John Bunyan's A Pilgrim's Progress is a quest story filled with drama, excitement, and adventure. On his journey of a lifetime to the City of Gold, a young man named Christian meets an extraordinary cast of characters, including the terrible giant, Despair, and the monster, Apollyon. Together with Hopeful, his steadfast companion, Christian survives snipers and mantraps, the Great Bog, Vanity Fair, Lucre Hill, and Castle Doubting. But will he find the courage to cross the final river to the City of Gold and his salvation?
This remarkable retelling of the classic novel, by the award-winning children's author Geraldine McCaughrean, brings Bunyan's story to life for a generation of young readers as McCaughrean neatly draws the drama out, gradually allowing the reader to conclude that Christian is not so different from latter day heroes after all. The engaging contemporary illustrations by Jason Cockcroft bring an added poignancy to the story of a youth with a mission in life. This volume is an ideal gift and a great introduction to the full work.
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John Bunyan was born in 1628. In 1644 he was caught up in the Civil War and drafted into the Parliamentary army. Four years later he entered a period of intense spiritual struggle (chronicled in Grace Abounding to the Chief of Sinners), after which he emerged a new man. He joined a Nonconformist church and began to preach. Bunyan spent many years in prison because of his faith and during this time began writing The Pilgrim's Progress. The first part was published in 1678 and the second part, together with the whole work, was published in 1684. Bunyan died in 1688.Excerpt. © Reprinted by permission. All rights reserved.:
From David Hawkes’s Introduction to The Pilgrim’s Progress
To understand fully The Pilgrim’s Progress, we must remember that it was written in prison. Imprisonment is its major theme, and escape from prison is its primary purpose. Although Bunyan was without a doubt incarcerated in the literal, physical sense while he composed his work, he did not believe that he was truly in jail. He was convinced that, as Richard Lovelace had written in “To Althea, from Prison” (1642), “Stone walls do not a prison make, / Nor iron bars a cage,” and Bunyan echoed the sentiment in his own “Prison Meditations” (1665; quoted from The Works of John Bunyan, edited by George Offor, vol. 1, p. 64; see “For Further Reading”):
I am, indeed, in prison now
In body, but my mind
Is free to study Christ, and how
Unto me he is kind.
For though men keep my outward man
Within their locks and bars,
Yet by the faith of Christ I can
Mount higher than the stars.
As far as Bunyan was concerned, the real prisoners were outside the walls, in the world. The Pilgrim’s Progress aims to establish two deeply counterintuitive propositions: that its author is not in jail, and that its readers are. But while Bunyan argues that the world is the prison of the soul, he also offers us a way to escape from the world. The book’s subtitle, From This World to That Which Is to Come, indicates our ultimate destination, but the world “to come” is to be reached by a way not measurable in space or time. The pilgrim’s progress is not a literal journey along a physical road, but an exercise in semiotics: a reinterpretation of the world. As Stanley Fish puts it, Bunyan’s work teaches us that “the truth about the world is not to be found within its own confines or configurations, but from the vantage point of a perspective that transforms it” (Self-consuming Artifacts, p. 237).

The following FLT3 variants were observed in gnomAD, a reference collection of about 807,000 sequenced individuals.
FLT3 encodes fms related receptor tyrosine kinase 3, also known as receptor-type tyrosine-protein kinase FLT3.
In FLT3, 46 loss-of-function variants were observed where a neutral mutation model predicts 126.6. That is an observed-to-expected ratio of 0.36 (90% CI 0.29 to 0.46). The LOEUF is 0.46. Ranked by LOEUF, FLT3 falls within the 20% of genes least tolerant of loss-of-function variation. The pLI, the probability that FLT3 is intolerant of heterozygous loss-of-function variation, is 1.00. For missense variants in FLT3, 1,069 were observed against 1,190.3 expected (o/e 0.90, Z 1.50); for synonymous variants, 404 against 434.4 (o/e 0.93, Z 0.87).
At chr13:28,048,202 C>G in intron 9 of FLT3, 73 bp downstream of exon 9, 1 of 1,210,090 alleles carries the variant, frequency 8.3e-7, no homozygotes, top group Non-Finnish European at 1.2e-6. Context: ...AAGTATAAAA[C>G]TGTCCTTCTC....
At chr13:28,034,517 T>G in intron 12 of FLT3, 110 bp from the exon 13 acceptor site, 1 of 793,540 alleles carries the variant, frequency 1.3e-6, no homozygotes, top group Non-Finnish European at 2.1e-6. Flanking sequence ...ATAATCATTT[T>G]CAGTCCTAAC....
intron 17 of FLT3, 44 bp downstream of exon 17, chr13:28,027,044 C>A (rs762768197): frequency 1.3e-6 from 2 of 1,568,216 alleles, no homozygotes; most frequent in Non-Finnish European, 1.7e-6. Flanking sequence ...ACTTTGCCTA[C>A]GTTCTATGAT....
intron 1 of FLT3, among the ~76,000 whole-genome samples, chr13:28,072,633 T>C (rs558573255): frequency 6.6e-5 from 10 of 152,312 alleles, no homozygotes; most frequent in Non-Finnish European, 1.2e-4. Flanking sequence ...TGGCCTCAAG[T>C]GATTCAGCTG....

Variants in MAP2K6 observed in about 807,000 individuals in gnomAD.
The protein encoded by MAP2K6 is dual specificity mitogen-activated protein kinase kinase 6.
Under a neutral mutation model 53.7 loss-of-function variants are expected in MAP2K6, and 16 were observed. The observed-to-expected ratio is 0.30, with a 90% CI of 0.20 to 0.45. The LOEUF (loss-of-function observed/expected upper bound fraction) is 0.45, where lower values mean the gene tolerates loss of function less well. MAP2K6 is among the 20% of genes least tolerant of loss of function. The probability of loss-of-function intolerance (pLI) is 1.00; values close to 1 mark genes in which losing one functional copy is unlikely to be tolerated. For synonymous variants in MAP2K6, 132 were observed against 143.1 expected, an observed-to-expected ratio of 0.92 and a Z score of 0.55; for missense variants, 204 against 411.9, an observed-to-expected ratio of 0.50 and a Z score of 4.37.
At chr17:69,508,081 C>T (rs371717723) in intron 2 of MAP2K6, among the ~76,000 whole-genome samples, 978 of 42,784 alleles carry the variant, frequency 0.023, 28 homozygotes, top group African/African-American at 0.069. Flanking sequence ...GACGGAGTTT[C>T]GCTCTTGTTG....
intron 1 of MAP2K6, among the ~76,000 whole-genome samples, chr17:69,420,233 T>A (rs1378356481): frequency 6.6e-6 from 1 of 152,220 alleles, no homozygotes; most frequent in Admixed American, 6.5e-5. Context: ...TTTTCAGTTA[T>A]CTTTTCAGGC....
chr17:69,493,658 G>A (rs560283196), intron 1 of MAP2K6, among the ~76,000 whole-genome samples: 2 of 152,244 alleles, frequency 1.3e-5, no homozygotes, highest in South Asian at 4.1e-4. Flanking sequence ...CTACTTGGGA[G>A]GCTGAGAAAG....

In the course of his journey the hero, named Christian, learns to understand the world as an allegory. He comes to perceive his experience as a series of signs that point toward nonmaterial, spiritual referents, and this constitutes his liberation. But before he can escape from prison, he must become aware that he is in one. The progress toward an allegorical interpretation of reality is simultaneously a process of alienation from the mundane world of experience. The Pilgrim’s Progress shows us a man who becomes a stranger to the world, to the extent of rejecting empirical sense perception, as well as the laws, morality, and behavioral standards of society. The first lesson Christian learns after his conversion is that “Mr. Worldly Wiseman is an alien.”
Allegory has often been described as a suitable mode to represent the alienated, objectified character of worldly experience. This line of reasoning originates with Walter Benjamin’s seminal analysis of the genre in The Origin of German Tragic Drama (1928). Benjamin argues that allegory’s purpose is to teach us that the experiential world—the “carnal” or “fleshly” dimension, in Bunyan’s terms—is fallen into a disharmonious relation with its Creator: “Allegory itself was sown by Christianity. For it was absolutely decisive for this mode of thought that not only transitoriness, but also guilt should seem evidently to have its home in the province of idols and of the flesh” (p. 224). Plato had argued that, because the material world is transitory, it is also illusory, and to take empirical appearances for reality thus constitutes a philosophical error. But Christianity introduced an ethical dimension to this argument. From the Christian perspective, taking appearances for reality is not only erroneous, but also sinful, and in The Pilgrim’s Progress, understanding this fact is the first step on the way to redemption. This is a paradoxical operation, however, for the process of understanding that creation is alienated from the Creator simultaneously involves the recognition of another, spiritual, realm to which the carnal world points the way.
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